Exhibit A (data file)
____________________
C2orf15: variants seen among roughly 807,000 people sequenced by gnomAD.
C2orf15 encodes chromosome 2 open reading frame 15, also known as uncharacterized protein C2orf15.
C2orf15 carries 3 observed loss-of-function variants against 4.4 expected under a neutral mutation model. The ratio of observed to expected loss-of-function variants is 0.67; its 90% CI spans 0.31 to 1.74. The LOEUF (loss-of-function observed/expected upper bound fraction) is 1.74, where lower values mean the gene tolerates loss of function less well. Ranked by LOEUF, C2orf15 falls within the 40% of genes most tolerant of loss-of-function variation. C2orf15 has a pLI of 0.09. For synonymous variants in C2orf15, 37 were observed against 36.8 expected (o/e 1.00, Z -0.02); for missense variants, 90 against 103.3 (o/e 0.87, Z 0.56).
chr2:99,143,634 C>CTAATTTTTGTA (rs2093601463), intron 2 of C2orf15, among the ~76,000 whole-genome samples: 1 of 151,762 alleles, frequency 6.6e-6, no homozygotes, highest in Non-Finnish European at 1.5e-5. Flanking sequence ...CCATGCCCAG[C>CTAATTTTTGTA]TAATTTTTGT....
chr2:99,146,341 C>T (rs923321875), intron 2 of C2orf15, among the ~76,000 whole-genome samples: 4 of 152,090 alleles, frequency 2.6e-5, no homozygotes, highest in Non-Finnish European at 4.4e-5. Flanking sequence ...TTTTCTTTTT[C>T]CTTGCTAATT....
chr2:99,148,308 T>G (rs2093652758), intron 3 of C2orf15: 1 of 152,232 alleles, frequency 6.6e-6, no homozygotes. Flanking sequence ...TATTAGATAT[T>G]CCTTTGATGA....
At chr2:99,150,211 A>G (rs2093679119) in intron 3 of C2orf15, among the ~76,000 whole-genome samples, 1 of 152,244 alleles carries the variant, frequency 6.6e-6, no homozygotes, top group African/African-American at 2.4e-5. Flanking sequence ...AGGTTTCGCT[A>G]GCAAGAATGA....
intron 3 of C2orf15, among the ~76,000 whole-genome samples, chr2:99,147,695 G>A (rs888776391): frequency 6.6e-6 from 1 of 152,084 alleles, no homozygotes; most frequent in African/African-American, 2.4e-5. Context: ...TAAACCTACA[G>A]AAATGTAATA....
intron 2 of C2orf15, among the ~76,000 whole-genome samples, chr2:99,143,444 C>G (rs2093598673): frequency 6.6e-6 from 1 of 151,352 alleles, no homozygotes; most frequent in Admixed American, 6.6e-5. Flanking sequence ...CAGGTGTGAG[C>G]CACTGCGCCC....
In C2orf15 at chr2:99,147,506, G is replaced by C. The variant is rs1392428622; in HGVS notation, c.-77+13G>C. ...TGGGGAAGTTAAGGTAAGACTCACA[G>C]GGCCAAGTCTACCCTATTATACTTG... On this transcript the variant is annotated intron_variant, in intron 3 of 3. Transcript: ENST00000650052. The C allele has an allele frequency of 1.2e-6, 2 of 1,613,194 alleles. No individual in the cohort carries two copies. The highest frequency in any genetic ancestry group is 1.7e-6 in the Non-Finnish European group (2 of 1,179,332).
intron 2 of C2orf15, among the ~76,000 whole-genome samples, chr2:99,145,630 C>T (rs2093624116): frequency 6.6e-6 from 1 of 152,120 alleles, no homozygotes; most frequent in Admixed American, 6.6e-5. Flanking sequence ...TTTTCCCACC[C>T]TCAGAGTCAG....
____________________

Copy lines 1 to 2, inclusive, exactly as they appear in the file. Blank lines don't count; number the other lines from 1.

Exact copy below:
C2orf15: variants seen among roughly 807,000 people sequenced by gnomAD.
C2orf15 encodes chromosome 2 open reading frame 15, also known as uncharacterized protein C2orf15.